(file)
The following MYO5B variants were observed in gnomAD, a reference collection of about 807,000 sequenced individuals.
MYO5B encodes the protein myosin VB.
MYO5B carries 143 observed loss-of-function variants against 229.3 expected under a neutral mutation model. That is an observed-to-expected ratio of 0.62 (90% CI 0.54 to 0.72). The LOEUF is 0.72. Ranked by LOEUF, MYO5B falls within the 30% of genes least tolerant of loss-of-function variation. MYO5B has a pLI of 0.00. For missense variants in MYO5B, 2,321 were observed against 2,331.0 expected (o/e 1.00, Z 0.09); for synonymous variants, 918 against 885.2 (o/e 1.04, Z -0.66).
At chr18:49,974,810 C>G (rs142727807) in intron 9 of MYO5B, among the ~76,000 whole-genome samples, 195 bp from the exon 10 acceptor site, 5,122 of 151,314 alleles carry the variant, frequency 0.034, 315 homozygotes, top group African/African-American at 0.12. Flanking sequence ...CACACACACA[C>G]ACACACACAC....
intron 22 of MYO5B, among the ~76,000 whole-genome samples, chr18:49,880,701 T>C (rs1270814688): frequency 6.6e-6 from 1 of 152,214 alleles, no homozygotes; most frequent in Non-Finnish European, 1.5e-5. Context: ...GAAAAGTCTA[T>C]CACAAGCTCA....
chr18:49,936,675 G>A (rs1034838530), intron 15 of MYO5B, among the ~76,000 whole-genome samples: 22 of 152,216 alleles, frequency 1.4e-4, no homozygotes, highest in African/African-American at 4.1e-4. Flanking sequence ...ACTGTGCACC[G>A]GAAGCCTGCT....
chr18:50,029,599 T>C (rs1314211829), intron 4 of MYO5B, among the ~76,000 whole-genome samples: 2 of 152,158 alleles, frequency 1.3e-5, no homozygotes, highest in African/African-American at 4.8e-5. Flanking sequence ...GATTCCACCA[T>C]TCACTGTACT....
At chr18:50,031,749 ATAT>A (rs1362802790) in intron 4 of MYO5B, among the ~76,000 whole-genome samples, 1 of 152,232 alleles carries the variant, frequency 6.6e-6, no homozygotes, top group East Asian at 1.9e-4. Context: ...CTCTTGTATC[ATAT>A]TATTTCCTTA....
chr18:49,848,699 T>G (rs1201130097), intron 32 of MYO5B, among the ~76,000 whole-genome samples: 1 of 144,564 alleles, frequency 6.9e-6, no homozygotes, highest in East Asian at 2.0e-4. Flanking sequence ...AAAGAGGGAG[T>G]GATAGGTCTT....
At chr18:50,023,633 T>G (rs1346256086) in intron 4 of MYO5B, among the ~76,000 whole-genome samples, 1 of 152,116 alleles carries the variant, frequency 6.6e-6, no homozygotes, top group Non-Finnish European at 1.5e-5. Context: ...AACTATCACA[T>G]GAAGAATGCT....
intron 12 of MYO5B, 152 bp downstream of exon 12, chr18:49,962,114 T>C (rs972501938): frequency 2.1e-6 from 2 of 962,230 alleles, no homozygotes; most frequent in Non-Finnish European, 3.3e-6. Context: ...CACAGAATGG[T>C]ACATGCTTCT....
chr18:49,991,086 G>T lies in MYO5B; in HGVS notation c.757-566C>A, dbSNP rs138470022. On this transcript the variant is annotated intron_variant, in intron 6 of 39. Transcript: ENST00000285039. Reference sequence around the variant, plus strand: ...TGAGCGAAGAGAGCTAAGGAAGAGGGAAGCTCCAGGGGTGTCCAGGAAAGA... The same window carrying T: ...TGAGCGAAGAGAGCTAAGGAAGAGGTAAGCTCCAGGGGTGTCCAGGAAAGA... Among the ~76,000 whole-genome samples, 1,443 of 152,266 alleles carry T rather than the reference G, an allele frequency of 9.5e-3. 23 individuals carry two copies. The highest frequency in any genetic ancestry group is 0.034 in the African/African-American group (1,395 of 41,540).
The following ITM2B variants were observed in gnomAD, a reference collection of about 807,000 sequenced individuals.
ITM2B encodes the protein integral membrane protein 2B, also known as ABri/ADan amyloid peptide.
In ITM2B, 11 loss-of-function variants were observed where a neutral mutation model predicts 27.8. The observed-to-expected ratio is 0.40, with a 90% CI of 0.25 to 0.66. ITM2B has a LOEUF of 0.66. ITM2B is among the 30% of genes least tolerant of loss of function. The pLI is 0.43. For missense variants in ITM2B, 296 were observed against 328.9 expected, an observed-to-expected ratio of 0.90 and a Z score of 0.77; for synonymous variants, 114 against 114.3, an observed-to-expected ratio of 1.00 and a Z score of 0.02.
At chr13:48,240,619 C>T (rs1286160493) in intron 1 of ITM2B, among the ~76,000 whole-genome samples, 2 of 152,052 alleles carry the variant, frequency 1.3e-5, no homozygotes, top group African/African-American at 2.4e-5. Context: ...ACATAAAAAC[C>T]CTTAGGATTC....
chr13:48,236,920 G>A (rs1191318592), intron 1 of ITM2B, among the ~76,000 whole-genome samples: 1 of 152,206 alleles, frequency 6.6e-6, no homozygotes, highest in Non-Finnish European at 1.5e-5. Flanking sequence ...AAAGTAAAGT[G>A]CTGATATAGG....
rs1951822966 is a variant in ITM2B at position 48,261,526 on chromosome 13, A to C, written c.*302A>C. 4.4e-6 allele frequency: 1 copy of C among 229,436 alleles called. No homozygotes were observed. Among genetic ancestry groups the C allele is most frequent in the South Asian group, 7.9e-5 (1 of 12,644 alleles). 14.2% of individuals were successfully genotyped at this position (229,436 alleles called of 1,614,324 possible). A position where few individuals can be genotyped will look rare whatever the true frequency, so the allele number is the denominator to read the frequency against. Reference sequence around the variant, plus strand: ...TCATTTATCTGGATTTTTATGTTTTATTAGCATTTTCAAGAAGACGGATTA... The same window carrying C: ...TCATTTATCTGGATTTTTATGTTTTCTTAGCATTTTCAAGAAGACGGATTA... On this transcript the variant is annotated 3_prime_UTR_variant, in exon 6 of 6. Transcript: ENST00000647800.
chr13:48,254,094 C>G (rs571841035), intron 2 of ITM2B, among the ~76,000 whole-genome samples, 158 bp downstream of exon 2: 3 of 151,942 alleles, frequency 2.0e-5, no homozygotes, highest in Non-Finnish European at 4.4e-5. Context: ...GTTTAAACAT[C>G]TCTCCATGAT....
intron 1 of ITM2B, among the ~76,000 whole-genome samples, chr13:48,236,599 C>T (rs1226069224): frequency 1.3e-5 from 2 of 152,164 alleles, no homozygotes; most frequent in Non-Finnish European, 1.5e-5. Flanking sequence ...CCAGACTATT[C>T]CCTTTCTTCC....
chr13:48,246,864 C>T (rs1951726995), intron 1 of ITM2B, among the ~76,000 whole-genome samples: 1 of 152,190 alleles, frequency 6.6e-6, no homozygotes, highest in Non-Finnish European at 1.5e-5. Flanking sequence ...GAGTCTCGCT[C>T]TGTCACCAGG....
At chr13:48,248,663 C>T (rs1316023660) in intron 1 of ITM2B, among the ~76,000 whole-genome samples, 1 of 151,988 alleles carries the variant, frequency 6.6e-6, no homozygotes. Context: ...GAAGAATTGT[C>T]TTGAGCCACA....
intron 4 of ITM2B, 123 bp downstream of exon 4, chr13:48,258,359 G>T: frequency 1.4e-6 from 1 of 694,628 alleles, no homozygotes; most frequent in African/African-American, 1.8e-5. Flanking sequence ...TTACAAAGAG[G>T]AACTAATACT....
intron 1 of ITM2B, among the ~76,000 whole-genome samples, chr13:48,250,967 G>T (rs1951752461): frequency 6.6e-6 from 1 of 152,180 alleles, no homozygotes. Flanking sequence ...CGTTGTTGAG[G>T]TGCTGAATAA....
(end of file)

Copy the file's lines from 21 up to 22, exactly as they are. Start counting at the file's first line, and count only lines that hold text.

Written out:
chr13:48,246,864 C>T (rs1951726995), intron 1 of ITM2B, among the ~76,000 whole-genome samples: 1 of 152,190 alleles, frequency 6.6e-6, no homozygotes, highest in Non-Finnish European at 1.5e-5. Flanking sequence ...GAGTCTCGCT[C>T]TGTCACCAGG....
At chr13:48,248,663 C>T (rs1316023660) in intron 1 of ITM2B, among the ~76,000 whole-genome samples, 1 of 151,988 alleles carries the variant, frequency 6.6e-6, no homozygotes. Context: ...GAAGAATTGT[C>T]TTGAGCCACA....